Commencing January 1, 2008, the licensed nurse-to-patient ratio in a telemetry unit shall be 1:4 or fewer at all times.

"Telemetry unit" is defined as a unit organized, operated, and maintained to provide care for and continuous cardiac monitoring of patients in a stable condition, having or suspected of having a cardiac condition or a disease requiring the electronic monitoring, recording, retrieval, and display of cardiac electrical signals.

View Document - California Code of Regulations

Edited by herring_RN
typo

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I live in PA and reading these posts I wonder why admin and supervisors in our hospital think its OKAY for us to be assigned to 6 telemetry patients (which can happen if all 6 in our zone are on tele which does happen) and patients on insulin drips in a 6 patient assignment.  Generally admins are in their own bubble and don't see or understand what is going on, but supervisors should know better but let it go on.  

Edited by 1RNlife

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On one of our MedSurg units we also have tele patients in one block of rooms. If a nurse has just 1 tele pt, she can only have 3 MedSurg pts. This meets the intention of the law, which is that a tele patient's nurse should only have 4 patients.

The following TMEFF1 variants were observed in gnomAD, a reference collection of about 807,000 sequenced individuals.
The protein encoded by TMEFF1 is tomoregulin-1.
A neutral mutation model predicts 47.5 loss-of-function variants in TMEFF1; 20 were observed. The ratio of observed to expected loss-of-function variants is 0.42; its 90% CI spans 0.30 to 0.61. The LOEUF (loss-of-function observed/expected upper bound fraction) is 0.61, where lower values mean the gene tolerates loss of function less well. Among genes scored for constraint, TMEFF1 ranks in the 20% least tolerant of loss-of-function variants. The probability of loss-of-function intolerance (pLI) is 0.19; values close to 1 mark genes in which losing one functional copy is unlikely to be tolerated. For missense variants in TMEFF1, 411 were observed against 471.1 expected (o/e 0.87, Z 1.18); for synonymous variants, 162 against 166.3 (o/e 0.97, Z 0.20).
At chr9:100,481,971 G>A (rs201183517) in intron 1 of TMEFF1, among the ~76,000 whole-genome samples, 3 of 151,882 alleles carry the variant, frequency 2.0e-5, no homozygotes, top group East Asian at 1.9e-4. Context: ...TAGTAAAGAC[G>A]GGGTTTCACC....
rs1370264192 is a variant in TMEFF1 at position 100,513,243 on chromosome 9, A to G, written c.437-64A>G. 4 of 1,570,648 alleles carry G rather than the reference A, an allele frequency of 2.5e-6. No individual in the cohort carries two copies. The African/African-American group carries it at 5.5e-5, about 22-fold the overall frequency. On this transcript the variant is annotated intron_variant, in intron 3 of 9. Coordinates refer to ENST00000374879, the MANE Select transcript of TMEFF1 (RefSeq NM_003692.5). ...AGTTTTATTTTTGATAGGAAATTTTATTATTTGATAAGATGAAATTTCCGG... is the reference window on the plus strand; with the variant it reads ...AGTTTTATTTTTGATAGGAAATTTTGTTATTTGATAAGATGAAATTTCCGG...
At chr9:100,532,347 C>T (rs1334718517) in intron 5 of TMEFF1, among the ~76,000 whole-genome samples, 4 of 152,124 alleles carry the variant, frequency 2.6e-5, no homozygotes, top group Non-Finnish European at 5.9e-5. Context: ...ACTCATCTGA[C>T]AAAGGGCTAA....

Same on Peds.

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On 10/20/2018 at 1:00 PM, kiraesparza said:

I work at a small critical access hospital in northern California. We have a basic Med/surg unit that has everything Peds, tele, comfort care, some oncology... We have been trying to figure out the RN to PT ratio for a tele pt or a peds pt, (standard ratio for MS unit is 1:5). All we can find is the ratio is 1:4 both tele or peds. The way we (RNs working of the unit) understand it is if you have 1 patient that is on Tele the you are maxed out at 4 patients. What our unit manager is telling us is that to be maxed at 4 all 4 of them have to be tele, so what she is telling us is that if the RN has 3 tele patients then they are maxed out at 5 not 4.

Is there anyone who here that can help clarify this, and do you have any written material to back it up so we can present it to our manager, so my staff is safe and compliant with the ratios. Thanks

The way that I understand the way ratios work is that basic staffing is going to depend upon how the unit is "organized." Because your basic M/S unit is set up to do Tele, Peds, and other specialty care, that changes the basic staffing to 4:1. It doesn't matter if you the unit has all M/S patients, because there's provision for Tele, Peds, or other patients to be there and they actually could be there, that's a 4:1 ratio for those beds designated for those services.